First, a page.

In the present case, the Complainant corresponded with the Third Respondent for nearly one year before the domain name registration was transferred to the Second Respondent. Still, considering the purpose of paragraph 8(a) of the Policy, the Panel finds that the Third Respondent engaged in cyberflight by transferring the disputed domain name to the Second Respondent for the following reasons:
- At the very beginning of the correspondence with the Third Respondent, the Complainant did not put much pressure on the Third Respondent but merely asked for the reasons for registering the disputed domain name.
- The Complainant started mentioning UDRP proceedings in late 2008 and still tried to negotiate the matter amicably.
- On January 19, 2009 the Third Respondent wrote again to the Complainant and concluded that there were three options for the Complainant: “1) Stand down […] 2) Improve your offer to purchase so that it's actually worth consideration 3) Go to WIPO […]”. On February 8, 2009, shortly after this correspondence, the WhoIs information for the domain name was updated to the First Respondent, which is a privacy service offered by the concerned registrar.
A complainant trying to negotiate a dispute amicably in the first place, without filing a complaint immediately after sending a cease and desist letter should not be disadvantaged by loosing the cyberflight argument. Otherwise, a respondent could always try to delay the filing of a complaint by playing along with suggestions of an amicable settlement and then, several months later, transfer the disputed domain name to a third party, thereby successfully avoiding UDRP proceedings.
Accordingly, it is in the Panel's view appropriate to find that this is a case of cyberflight and for the Second and Third Respondents to be included as Respondents in the present case. The Panel will refer to them collectively as the Respondent except as otherwise noted.
Finally, the Panel has to find on the admissibility of the Parties' supplemental submissions. The Rules do not allow the parties to file supplemental submissions on their own volition and paragraph 12 of the Rules provides that a panel may in its sole discretion request further statements or documents from either of the parties. Thus, no party has the right to insist upon the admission of additional arguments or evidence. One of the grounds justifying new submissions is the existence of new pertinent facts that did not arise until after the complaint was filed. For instance, if the respondent raises objections that could not have been anticipated when the complaint was filed, the panel can give the complainant a right to reply to the submission or may accept the complainant's unsolicited additional submission (cf. Universal City Studios, Inc. v. G.A.B. Enterprises, WIPO Case No. D2000-0416; QNX Software Systems Ltd. v. Future Media Architects, Inc. and Thunayan K AL-Ghanim, WIPO Case No. D2003-0921; Goldline International, Inc. v. Gold Line, WIPO Case No. D2000-1151).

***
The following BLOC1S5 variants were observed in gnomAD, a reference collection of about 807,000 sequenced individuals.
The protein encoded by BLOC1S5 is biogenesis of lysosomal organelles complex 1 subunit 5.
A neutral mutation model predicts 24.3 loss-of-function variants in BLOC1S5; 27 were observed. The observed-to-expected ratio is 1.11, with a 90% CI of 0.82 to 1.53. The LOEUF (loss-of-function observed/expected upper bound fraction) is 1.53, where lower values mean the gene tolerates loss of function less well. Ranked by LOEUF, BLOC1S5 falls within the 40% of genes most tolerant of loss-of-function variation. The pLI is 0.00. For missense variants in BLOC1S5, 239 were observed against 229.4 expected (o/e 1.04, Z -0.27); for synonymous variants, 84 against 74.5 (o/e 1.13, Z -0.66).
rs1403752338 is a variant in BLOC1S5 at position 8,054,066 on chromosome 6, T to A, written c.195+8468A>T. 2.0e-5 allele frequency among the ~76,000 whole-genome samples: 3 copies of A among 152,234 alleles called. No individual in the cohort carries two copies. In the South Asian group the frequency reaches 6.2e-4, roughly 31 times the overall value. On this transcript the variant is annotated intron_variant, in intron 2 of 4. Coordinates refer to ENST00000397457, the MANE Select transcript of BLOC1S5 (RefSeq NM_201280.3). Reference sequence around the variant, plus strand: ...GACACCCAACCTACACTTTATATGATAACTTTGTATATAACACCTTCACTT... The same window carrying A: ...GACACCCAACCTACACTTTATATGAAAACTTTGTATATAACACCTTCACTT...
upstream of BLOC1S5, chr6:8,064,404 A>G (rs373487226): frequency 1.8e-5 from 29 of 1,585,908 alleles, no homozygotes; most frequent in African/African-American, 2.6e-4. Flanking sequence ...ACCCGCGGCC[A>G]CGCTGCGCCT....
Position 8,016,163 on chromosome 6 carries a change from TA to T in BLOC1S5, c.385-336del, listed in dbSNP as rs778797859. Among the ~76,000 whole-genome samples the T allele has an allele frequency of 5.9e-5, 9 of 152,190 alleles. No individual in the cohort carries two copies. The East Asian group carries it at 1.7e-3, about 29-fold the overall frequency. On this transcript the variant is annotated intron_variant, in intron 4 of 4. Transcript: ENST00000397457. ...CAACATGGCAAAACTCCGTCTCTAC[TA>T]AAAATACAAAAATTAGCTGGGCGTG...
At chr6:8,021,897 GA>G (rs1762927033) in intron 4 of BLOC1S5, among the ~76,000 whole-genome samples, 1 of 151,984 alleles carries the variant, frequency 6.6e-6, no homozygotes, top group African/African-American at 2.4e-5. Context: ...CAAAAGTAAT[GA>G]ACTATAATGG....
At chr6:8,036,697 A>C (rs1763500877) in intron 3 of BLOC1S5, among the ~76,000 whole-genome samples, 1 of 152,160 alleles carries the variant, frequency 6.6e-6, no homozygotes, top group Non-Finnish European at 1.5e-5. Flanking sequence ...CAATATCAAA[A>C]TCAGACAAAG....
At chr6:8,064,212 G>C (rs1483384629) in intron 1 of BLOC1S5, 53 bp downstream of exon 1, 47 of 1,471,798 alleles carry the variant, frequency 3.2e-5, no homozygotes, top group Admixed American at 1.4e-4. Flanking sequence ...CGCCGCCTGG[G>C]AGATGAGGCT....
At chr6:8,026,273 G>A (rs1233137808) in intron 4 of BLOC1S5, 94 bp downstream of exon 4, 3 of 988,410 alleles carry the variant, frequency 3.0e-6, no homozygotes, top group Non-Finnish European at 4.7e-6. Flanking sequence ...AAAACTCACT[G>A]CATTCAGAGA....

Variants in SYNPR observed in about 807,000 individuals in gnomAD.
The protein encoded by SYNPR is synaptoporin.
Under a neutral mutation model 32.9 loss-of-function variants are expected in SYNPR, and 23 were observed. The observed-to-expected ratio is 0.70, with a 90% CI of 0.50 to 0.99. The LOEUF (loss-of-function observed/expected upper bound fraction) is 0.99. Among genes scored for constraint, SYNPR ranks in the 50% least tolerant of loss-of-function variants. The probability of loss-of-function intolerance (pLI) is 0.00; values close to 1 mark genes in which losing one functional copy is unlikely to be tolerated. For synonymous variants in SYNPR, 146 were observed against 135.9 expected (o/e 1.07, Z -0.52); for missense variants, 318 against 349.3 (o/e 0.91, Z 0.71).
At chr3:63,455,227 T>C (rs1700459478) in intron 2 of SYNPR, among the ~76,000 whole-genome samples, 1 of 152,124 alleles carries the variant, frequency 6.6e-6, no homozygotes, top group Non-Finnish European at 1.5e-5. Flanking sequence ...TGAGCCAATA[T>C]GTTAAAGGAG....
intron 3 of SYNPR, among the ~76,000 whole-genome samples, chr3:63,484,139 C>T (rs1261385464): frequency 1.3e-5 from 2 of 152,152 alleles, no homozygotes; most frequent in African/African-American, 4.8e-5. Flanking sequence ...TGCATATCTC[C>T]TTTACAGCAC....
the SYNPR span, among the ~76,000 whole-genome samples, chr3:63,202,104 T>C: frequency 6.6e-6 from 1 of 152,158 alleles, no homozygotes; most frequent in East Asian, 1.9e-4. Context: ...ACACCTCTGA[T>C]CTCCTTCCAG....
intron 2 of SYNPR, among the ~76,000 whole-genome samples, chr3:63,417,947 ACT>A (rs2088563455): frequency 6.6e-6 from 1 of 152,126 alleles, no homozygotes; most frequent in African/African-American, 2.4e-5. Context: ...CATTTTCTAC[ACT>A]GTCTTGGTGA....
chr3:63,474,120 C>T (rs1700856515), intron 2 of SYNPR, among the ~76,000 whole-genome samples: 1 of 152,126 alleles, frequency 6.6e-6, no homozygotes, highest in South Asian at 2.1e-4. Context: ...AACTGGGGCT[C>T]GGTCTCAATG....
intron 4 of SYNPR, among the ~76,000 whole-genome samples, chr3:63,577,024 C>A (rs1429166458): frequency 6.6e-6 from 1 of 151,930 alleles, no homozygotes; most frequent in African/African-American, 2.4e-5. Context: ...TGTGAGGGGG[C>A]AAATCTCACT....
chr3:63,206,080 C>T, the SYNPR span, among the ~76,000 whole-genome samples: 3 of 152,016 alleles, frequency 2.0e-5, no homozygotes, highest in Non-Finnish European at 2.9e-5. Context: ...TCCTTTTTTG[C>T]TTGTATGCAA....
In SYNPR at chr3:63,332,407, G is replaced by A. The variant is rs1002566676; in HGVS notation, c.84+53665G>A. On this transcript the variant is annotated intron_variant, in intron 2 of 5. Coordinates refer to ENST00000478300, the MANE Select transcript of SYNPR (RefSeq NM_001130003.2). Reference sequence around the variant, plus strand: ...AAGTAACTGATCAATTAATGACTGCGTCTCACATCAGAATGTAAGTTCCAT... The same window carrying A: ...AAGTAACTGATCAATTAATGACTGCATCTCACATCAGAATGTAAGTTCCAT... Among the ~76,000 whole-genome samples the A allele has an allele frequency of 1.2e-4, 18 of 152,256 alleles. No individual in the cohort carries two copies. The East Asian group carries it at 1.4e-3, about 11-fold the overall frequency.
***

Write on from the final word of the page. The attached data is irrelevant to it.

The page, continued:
In the present case, supplemental submissions containing substantial issues were filed by the Respondent only. In its submissions, the Respondent provided further documents and arguments but no explanation for not including them into the Response. Therefore, the Panel elects not to accept the parties' supplemental submissions and did not rely on them in reaching this decision.
Under paragraph 4(a) of the Policy, the Complainant must prove that each of the following three elements is present:
(i) the domain name is identical or confusingly similar to the Complainant's trademark; and
(ii) the Respondent has no rights or legitimate interests in respect of the domain name; and
(iii) the domain name has been registered and is being used in bad faith.
The disputed domain name fully incorporates the Complainant's highly distinctive HSBC Marks in which the Complainant has rights.